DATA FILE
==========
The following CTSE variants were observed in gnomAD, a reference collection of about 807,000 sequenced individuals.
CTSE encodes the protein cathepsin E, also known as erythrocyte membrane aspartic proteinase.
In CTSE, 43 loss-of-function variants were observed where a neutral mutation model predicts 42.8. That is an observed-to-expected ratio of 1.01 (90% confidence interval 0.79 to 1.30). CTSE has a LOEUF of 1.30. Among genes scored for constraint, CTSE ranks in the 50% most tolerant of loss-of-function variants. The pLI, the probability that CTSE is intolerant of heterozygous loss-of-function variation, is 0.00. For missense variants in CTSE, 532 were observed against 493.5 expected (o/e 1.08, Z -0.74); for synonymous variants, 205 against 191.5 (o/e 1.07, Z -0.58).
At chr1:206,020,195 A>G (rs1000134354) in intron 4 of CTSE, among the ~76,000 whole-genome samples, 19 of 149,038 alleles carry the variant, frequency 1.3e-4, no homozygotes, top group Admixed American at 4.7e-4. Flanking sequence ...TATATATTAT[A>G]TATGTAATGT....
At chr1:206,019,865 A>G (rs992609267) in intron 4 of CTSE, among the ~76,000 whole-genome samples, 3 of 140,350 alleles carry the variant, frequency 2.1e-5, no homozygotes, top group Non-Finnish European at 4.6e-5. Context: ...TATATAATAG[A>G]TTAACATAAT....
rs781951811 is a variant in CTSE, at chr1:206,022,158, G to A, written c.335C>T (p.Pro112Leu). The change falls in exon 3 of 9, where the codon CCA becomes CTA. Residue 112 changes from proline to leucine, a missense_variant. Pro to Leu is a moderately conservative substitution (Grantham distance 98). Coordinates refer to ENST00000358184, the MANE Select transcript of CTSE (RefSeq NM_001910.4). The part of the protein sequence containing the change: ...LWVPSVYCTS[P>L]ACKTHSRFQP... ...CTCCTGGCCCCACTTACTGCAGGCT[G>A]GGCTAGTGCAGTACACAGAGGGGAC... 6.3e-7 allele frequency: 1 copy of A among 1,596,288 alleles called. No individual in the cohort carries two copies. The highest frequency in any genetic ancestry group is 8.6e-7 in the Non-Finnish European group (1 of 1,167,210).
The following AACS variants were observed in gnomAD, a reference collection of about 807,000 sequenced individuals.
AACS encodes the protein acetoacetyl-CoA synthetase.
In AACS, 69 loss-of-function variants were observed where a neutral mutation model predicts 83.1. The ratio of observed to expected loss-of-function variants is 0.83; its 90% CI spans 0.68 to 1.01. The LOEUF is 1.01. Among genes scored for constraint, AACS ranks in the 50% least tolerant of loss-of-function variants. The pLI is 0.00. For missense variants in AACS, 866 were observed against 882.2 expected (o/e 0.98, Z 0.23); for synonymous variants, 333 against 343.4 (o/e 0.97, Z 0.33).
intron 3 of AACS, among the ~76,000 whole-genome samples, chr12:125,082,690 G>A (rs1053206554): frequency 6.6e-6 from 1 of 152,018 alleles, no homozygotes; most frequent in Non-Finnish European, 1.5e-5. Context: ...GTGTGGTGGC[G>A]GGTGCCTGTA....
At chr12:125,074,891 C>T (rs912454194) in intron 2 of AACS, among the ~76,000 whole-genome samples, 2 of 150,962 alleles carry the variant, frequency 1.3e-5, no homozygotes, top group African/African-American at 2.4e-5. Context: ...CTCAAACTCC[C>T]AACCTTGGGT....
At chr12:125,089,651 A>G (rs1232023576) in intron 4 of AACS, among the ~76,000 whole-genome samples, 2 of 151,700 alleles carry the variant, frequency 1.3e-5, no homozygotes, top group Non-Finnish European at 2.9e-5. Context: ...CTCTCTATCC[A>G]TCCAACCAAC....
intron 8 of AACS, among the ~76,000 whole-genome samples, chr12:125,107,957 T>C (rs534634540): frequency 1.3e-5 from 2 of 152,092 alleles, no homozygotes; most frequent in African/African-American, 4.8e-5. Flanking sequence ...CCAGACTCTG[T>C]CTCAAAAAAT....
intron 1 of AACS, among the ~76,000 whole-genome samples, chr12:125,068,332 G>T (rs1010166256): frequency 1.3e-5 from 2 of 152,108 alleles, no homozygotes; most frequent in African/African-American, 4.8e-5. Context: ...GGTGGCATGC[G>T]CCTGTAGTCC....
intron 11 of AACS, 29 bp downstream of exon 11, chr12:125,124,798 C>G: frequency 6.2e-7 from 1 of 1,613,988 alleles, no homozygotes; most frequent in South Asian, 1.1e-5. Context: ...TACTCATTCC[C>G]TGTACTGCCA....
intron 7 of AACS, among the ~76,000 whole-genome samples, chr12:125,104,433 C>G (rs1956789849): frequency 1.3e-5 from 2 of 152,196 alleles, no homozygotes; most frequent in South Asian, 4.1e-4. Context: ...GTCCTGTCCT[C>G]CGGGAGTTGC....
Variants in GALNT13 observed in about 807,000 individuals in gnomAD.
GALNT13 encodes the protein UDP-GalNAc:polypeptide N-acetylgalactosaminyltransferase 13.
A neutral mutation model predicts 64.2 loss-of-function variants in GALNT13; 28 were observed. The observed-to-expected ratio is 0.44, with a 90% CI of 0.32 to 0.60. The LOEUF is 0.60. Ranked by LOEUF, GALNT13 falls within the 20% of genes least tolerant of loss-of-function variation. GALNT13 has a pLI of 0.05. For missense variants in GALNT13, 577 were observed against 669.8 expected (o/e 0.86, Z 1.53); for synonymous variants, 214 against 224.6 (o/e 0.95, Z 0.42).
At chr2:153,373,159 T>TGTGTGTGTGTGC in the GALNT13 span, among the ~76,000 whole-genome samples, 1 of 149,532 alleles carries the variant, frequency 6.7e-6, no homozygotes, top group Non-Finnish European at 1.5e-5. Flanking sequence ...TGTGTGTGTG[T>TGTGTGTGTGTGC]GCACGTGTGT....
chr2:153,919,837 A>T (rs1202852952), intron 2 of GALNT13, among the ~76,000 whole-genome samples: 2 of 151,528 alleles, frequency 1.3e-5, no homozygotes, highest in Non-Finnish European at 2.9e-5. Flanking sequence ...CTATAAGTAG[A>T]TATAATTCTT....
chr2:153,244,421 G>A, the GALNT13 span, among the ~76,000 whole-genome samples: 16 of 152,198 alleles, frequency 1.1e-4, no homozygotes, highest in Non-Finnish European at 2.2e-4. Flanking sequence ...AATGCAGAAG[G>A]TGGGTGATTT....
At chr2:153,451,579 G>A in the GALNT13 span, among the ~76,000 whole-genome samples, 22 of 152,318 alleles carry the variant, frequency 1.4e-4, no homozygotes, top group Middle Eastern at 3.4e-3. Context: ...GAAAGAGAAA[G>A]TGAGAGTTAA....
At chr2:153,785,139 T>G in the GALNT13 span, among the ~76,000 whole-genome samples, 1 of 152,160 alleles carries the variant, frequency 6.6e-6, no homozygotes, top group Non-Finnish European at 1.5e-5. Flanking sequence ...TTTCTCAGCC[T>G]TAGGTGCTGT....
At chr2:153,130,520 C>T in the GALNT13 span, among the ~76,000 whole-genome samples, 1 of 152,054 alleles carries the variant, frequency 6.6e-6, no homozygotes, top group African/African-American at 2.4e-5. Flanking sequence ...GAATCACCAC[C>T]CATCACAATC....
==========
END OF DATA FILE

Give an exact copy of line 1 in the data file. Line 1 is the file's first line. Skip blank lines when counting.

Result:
The following CTSE variants were observed in gnomAD, a reference collection of about 807,000 sequenced individuals.